Monday, February 11, 2008

Could The End Be In Strike?

Well, the Writers' Guild of America has come away from negotiations with the studios, and has come to a tentative agreement - you can read a summary of the terms here.

There's a fair amount of speculation that WGA writers could be back to work in the next week or so, but that's rather dependent on whether the writers vote in favour not only of the terms of the agreement, but whether they vote to stop strike action while that's being thrashed out - I get the impression that this is one of the conditions of the proposed agreement. This initial vote is taking place, as I understand it, between now and the close of Tuesday.

I haven't fully scrutinised all the details of the proposed agreement, but people in the know like the ever-readable John August think it could be a lot worse - and as it makes provision for payments for downloaded material, something which the studios had initially said wasn't feasible, I'm inclined to think the WGA Negotiating Committee has done better than many might have expected them to. Especially given that the studios were initially saying a flat 'uh-uh' to that particular notion (but no, I'm not overlooking the 'unpaid online airing window' element of it, which I gather is quite a sticking point).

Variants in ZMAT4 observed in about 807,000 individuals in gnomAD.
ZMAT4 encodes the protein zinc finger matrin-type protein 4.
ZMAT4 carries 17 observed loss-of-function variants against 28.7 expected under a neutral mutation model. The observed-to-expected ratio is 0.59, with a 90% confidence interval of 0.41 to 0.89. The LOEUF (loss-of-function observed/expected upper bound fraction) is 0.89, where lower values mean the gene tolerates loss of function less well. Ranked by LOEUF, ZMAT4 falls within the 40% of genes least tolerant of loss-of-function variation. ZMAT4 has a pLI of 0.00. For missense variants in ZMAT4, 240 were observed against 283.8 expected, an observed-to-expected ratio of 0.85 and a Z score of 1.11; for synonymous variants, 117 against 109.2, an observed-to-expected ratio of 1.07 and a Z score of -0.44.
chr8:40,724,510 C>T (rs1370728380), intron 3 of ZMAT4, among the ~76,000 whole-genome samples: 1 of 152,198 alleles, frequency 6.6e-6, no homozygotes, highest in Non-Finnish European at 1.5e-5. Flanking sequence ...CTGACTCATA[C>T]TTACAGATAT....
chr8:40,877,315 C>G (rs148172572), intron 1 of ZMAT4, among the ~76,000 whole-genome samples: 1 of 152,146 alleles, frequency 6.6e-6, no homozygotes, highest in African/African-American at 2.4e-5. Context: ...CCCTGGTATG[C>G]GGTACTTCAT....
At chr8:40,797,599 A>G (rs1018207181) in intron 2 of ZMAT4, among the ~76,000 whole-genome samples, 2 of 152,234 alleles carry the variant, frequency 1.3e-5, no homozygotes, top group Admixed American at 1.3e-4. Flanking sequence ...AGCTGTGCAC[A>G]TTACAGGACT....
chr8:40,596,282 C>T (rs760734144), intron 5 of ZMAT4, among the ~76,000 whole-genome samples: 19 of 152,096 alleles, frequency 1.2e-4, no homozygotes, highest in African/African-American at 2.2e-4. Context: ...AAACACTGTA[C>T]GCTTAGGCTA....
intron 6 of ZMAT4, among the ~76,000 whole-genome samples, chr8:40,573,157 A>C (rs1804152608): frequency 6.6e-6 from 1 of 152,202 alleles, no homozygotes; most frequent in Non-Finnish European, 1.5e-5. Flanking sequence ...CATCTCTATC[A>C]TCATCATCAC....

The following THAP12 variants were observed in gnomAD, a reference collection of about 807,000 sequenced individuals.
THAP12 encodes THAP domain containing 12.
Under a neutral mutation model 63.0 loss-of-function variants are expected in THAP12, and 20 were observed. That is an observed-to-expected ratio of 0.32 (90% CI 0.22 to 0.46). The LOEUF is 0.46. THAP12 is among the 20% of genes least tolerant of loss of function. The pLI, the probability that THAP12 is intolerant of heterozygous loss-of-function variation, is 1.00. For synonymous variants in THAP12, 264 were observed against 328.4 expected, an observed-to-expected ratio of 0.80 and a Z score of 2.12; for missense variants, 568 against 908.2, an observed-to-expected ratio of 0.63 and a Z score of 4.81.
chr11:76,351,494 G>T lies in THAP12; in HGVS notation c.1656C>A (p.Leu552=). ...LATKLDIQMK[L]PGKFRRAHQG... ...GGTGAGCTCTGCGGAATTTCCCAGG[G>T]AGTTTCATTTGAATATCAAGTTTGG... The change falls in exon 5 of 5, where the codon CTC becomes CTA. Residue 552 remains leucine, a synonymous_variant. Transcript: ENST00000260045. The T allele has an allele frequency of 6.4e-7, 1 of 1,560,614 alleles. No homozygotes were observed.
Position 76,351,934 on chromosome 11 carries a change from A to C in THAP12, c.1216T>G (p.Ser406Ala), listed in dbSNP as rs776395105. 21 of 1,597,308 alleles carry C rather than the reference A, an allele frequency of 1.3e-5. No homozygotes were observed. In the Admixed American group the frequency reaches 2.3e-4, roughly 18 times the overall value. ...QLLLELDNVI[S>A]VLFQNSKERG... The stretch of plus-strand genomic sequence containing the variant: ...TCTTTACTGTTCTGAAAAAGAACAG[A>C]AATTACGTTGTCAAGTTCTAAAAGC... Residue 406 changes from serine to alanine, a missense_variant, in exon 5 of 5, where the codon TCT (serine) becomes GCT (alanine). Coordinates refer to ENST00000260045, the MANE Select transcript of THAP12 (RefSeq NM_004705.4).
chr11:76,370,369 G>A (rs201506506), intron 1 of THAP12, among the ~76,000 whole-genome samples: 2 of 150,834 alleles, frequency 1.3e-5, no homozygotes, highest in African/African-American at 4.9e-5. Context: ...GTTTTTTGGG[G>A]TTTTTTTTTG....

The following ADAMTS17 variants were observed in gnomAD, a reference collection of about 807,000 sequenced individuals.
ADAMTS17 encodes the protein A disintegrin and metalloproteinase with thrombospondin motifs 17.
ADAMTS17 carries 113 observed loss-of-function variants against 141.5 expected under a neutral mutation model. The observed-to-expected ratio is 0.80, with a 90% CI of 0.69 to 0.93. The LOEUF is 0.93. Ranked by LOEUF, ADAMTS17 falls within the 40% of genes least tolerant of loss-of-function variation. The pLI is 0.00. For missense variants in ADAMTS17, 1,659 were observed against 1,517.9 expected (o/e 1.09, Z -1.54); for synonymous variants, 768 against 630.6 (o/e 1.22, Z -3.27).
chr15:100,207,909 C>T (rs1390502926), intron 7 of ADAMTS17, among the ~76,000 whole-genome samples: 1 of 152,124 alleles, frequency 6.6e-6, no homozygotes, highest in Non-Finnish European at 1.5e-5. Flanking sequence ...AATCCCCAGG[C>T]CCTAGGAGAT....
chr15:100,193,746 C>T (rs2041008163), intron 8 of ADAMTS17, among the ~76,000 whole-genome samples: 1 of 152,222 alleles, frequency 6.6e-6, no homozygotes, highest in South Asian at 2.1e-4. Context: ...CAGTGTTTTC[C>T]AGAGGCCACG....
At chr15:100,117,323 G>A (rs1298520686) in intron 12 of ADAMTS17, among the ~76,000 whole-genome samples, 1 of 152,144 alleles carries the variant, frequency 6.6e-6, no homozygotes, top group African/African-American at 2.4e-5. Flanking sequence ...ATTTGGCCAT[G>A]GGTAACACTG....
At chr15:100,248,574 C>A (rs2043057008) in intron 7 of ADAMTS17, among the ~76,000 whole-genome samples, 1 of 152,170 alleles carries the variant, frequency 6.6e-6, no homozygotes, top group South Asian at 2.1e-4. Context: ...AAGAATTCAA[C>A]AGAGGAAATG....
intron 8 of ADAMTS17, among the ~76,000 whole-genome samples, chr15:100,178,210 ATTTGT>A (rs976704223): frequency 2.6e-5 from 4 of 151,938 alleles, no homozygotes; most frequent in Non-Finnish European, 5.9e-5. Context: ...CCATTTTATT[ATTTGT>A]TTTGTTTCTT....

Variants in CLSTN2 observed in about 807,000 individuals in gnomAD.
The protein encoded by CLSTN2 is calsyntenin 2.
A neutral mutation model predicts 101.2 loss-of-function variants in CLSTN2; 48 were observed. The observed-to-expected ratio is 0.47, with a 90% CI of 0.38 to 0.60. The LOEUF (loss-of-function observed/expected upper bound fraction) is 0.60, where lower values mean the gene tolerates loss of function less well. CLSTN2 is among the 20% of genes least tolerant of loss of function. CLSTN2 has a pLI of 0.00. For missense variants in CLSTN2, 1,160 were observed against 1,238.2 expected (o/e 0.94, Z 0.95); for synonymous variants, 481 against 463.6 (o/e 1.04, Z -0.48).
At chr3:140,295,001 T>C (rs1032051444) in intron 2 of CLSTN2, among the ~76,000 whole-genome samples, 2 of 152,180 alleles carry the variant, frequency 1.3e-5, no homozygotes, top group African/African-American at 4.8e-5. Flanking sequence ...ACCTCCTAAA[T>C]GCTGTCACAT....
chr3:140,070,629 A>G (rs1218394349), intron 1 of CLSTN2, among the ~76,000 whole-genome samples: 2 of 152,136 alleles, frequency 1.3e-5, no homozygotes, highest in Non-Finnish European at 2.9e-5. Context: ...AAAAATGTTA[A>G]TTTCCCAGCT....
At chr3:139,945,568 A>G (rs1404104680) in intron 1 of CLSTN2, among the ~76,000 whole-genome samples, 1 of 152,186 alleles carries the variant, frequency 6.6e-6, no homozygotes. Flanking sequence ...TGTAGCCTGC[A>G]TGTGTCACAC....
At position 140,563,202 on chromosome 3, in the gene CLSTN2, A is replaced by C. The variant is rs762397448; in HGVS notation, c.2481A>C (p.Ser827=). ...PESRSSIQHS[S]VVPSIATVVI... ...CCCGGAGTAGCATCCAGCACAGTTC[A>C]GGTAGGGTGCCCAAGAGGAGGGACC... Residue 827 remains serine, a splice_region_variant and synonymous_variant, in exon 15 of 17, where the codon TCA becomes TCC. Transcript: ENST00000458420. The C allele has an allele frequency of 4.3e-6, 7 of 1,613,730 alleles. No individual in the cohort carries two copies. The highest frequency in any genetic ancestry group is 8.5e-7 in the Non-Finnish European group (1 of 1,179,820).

I've been asked why I give a monkey's about any of this, given that I'm a UK-based scribbler. Fair question, but the answer's pretty simple: I like TV and films and books and plays and all my media to be well written, and when they are well done, I like to think that the writers behind the work (and in TV and film, let's never forget that they are the very foundation of it; no script, no need to even feed the film into the camera) are being well paid. It's partly because I'd like to be a full-time (and for my own convenience, well-paid) writer, but it's mainly because… well, am I going to have to quote Pastor Niemoller about this? Writers are, after all, human beings, and I'd rather they weren't exploited, any more than, say, children in trainer factories. Apologies if that sounds a bit na├»ve, but there it is.

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